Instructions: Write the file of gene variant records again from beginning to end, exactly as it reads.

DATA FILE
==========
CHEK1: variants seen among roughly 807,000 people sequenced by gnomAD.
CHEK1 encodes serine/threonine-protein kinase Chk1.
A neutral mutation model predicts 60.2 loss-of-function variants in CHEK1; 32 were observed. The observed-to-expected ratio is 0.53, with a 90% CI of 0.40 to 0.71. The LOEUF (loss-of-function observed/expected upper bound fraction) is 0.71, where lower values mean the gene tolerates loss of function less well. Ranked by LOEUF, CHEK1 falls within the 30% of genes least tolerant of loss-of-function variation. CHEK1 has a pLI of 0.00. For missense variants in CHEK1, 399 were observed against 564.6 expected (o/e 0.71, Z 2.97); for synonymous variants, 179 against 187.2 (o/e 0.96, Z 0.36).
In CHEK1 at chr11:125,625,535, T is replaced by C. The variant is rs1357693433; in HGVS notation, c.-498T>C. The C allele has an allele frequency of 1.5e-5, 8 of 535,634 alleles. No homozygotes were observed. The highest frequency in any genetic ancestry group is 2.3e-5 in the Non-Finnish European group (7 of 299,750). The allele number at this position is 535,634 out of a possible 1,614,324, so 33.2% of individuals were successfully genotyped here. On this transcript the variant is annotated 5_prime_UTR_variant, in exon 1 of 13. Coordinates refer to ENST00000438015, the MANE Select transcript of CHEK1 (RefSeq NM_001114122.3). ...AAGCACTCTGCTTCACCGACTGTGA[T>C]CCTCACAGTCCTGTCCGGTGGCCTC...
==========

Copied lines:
CHEK1: variants seen among roughly 807,000 people sequenced by gnomAD.
CHEK1 encodes serine/threonine-protein kinase Chk1.
A neutral mutation model predicts 60.2 loss-of-function variants in CHEK1; 32 were observed. The observed-to-expected ratio is 0.53, with a 90% CI of 0.40 to 0.71. The LOEUF (loss-of-function observed/expected upper bound fraction) is 0.71, where lower values mean the gene tolerates loss of function less well. Ranked by LOEUF, CHEK1 falls within the 30% of genes least tolerant of loss-of-function variation. CHEK1 has a pLI of 0.00. For missense variants in CHEK1, 399 were observed against 564.6 expected (o/e 0.71, Z 2.97); for synonymous variants, 179 against 187.2 (o/e 0.96, Z 0.36).
In CHEK1 at chr11:125,625,535, T is replaced by C. The variant is rs1357693433; in HGVS notation, c.-498T>C. The C allele has an allele frequency of 1.5e-5, 8 of 535,634 alleles. No homozygotes were observed. The highest frequency in any genetic ancestry group is 2.3e-5 in the Non-Finnish European group (7 of 299,750). The allele number at this position is 535,634 out of a possible 1,614,324, so 33.2% of individuals were successfully genotyped here. On this transcript the variant is annotated 5_prime_UTR_variant, in exon 1 of 13. Coordinates refer to ENST00000438015, the MANE Select transcript of CHEK1 (RefSeq NM_001114122.3). ...AAGCACTCTGCTTCACCGACTGTGA[T>C]CCTCACAGTCCTGTCCGGTGGCCTC...